The North Carolina State Bar on Monday filed a complaint against Chris Mumma, the executive director of the Durham-based North Carolina Center on Actual Innocence, alleging that she violated professional conduct rules in a case that set an innocent man free.

The alleged violation did not factor into the end result in the case of Joseph Sledge, who spent nearly four decades behind bars for a double-murder he did not commit. He was exonerated in January by a panel of judges after a jailhouse informant recanted his testimony and new evidence proved Sledge’s innocence. Mumma served as Sledge’s lawyer.

The State Bar complaint alleges that in 2013, during the Sledge investigation, Mumma visited the sister of other suspects in the case. The sister apparently declined to provide Mumma with a DNA sample. The complaint says that Mumma left the house with a water bottle that perhaps contained relevant DNA evidence, and sent it to a lab for testing.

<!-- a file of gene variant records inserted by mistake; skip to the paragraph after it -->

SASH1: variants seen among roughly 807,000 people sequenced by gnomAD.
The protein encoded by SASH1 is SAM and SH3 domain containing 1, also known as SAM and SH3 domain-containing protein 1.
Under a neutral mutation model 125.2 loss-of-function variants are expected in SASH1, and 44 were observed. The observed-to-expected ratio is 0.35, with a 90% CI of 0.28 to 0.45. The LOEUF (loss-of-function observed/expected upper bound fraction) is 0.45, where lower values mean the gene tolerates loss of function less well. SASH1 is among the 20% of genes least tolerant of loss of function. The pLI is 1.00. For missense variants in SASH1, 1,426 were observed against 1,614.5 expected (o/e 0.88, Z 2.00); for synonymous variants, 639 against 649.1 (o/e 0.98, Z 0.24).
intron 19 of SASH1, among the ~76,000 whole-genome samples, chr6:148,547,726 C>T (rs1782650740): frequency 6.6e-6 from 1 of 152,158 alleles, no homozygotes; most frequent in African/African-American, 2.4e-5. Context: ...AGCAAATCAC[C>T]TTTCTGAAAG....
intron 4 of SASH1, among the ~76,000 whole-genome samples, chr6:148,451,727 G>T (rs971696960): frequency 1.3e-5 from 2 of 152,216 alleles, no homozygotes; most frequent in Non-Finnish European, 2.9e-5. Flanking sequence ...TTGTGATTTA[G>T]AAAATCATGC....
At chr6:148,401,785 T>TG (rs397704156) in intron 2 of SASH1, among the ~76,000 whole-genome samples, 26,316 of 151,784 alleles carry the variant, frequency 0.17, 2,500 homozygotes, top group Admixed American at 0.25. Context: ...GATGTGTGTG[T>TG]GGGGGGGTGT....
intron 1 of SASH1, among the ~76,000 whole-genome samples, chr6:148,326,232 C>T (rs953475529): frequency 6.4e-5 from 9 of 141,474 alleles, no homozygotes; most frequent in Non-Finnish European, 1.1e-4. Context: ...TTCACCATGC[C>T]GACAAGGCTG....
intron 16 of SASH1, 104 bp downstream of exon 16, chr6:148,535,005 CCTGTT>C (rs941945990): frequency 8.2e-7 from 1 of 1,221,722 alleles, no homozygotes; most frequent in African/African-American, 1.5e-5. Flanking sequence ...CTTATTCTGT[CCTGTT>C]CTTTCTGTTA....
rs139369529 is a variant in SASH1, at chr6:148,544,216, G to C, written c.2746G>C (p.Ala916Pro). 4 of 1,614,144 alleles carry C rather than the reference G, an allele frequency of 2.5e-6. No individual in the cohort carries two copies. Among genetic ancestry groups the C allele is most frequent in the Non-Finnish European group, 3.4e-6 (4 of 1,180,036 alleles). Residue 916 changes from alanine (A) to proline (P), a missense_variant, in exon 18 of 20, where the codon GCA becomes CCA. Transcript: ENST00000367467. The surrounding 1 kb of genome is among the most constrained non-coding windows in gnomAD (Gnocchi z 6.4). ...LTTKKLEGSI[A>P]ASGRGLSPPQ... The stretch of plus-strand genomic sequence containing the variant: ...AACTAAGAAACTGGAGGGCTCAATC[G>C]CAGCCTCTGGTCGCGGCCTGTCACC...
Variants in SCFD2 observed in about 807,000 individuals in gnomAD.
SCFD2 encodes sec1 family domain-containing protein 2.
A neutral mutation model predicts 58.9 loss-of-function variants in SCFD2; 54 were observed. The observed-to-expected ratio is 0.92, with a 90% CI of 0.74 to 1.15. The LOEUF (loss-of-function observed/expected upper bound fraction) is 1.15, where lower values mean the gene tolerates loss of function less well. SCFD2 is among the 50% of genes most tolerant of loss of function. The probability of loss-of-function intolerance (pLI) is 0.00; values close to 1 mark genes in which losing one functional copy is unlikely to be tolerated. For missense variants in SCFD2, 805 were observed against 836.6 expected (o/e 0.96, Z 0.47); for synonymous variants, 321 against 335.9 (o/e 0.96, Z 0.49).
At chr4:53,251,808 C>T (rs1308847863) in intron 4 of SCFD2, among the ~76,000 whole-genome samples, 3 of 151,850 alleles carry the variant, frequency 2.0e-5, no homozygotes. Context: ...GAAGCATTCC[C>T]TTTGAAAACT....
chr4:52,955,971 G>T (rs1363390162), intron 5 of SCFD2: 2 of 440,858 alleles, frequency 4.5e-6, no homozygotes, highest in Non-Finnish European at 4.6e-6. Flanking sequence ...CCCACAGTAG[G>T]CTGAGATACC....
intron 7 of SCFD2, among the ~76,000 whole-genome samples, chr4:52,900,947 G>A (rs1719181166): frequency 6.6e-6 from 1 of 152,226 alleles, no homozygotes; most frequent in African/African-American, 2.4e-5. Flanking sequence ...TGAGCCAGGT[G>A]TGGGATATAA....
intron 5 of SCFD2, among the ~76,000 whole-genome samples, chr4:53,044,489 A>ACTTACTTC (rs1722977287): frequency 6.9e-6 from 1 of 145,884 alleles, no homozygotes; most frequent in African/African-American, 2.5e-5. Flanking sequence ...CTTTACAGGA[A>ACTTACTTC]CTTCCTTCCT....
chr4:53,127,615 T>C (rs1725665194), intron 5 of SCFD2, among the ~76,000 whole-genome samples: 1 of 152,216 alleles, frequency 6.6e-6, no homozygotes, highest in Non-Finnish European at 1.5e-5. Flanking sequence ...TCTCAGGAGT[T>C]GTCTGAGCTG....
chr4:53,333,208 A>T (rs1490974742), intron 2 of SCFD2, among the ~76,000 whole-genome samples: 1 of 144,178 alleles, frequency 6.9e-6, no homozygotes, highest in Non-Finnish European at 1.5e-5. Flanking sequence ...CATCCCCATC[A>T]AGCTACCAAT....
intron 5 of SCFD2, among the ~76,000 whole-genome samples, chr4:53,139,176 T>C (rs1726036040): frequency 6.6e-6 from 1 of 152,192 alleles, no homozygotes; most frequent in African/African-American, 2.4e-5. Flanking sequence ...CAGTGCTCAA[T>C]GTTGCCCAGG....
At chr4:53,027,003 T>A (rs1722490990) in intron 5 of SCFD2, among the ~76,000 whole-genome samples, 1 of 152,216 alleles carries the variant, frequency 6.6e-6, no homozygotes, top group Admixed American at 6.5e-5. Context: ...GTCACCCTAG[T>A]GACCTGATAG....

The Bar accused Mumma of using “methods of obtaining evidence that violate the legal rights of a third person,” and “engaged in conduct involving dishonesty, fraud, deceit or misrepresentation.”

Mumma worked on the Sledge case for 10 years.

In February the INDY gave Mumma a Citizen Award for her work on behalf of the wrongfully convicted. “What Chris has done for our state is pretty incredible,” Cheryl Sullivan, a staff attorney at the Center for Actual Innocence, told INDY reporter Jane Porter. “She has helped so many people who will probably never know that she was the one behind these reforms.”